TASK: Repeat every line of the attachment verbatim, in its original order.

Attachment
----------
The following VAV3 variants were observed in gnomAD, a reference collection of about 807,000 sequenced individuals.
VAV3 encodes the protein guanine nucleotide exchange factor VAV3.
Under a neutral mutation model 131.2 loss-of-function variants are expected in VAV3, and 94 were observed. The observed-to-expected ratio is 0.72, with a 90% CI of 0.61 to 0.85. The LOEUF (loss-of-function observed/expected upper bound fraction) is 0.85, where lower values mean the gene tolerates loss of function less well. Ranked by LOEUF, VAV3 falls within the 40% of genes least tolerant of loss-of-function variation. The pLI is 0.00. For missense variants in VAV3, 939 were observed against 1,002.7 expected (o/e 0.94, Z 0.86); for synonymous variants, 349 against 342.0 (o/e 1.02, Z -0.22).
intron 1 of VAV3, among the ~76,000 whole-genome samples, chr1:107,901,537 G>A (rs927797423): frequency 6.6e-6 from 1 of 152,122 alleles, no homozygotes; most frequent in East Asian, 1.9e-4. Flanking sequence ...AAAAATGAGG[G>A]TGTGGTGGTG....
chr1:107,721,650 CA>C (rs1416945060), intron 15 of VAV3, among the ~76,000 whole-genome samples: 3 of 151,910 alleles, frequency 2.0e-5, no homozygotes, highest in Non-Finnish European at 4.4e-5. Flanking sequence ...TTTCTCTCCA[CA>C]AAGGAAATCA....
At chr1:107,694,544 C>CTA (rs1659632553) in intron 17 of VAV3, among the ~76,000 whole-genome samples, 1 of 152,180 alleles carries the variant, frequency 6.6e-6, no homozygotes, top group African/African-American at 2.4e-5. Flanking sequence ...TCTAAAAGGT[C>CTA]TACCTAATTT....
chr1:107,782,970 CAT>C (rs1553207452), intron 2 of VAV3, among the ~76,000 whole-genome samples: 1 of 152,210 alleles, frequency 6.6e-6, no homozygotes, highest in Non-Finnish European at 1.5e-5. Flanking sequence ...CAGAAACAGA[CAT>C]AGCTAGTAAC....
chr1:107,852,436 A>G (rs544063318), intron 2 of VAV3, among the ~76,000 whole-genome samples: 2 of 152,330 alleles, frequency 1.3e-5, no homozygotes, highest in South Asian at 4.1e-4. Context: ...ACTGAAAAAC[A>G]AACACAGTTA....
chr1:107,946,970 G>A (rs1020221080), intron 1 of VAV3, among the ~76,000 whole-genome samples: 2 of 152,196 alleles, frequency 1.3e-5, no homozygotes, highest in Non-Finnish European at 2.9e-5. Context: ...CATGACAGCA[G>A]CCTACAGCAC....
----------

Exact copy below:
The following VAV3 variants were observed in gnomAD, a reference collection of about 807,000 sequenced individuals.
VAV3 encodes the protein guanine nucleotide exchange factor VAV3.
Under a neutral mutation model 131.2 loss-of-function variants are expected in VAV3, and 94 were observed. The observed-to-expected ratio is 0.72, with a 90% CI of 0.61 to 0.85. The LOEUF (loss-of-function observed/expected upper bound fraction) is 0.85, where lower values mean the gene tolerates loss of function less well. Ranked by LOEUF, VAV3 falls within the 40% of genes least tolerant of loss-of-function variation. The pLI is 0.00. For missense variants in VAV3, 939 were observed against 1,002.7 expected (o/e 0.94, Z 0.86); for synonymous variants, 349 against 342.0 (o/e 1.02, Z -0.22).
intron 1 of VAV3, among the ~76,000 whole-genome samples, chr1:107,901,537 G>A (rs927797423): frequency 6.6e-6 from 1 of 152,122 alleles, no homozygotes; most frequent in East Asian, 1.9e-4. Flanking sequence ...AAAAATGAGG[G>A]TGTGGTGGTG....
chr1:107,721,650 CA>C (rs1416945060), intron 15 of VAV3, among the ~76,000 whole-genome samples: 3 of 151,910 alleles, frequency 2.0e-5, no homozygotes, highest in Non-Finnish European at 4.4e-5. Flanking sequence ...TTTCTCTCCA[CA>C]AAGGAAATCA....
At chr1:107,694,544 C>CTA (rs1659632553) in intron 17 of VAV3, among the ~76,000 whole-genome samples, 1 of 152,180 alleles carries the variant, frequency 6.6e-6, no homozygotes, top group African/African-American at 2.4e-5. Flanking sequence ...TCTAAAAGGT[C>CTA]TACCTAATTT....
chr1:107,782,970 CAT>C (rs1553207452), intron 2 of VAV3, among the ~76,000 whole-genome samples: 1 of 152,210 alleles, frequency 6.6e-6, no homozygotes, highest in Non-Finnish European at 1.5e-5. Flanking sequence ...CAGAAACAGA[CAT>C]AGCTAGTAAC....
chr1:107,852,436 A>G (rs544063318), intron 2 of VAV3, among the ~76,000 whole-genome samples: 2 of 152,330 alleles, frequency 1.3e-5, no homozygotes, highest in South Asian at 4.1e-4. Context: ...ACTGAAAAAC[A>G]AACACAGTTA....
chr1:107,946,970 G>A (rs1020221080), intron 1 of VAV3, among the ~76,000 whole-genome samples: 2 of 152,196 alleles, frequency 1.3e-5, no homozygotes, highest in Non-Finnish European at 2.9e-5. Context: ...CATGACAGCA[G>A]CCTACAGCAC....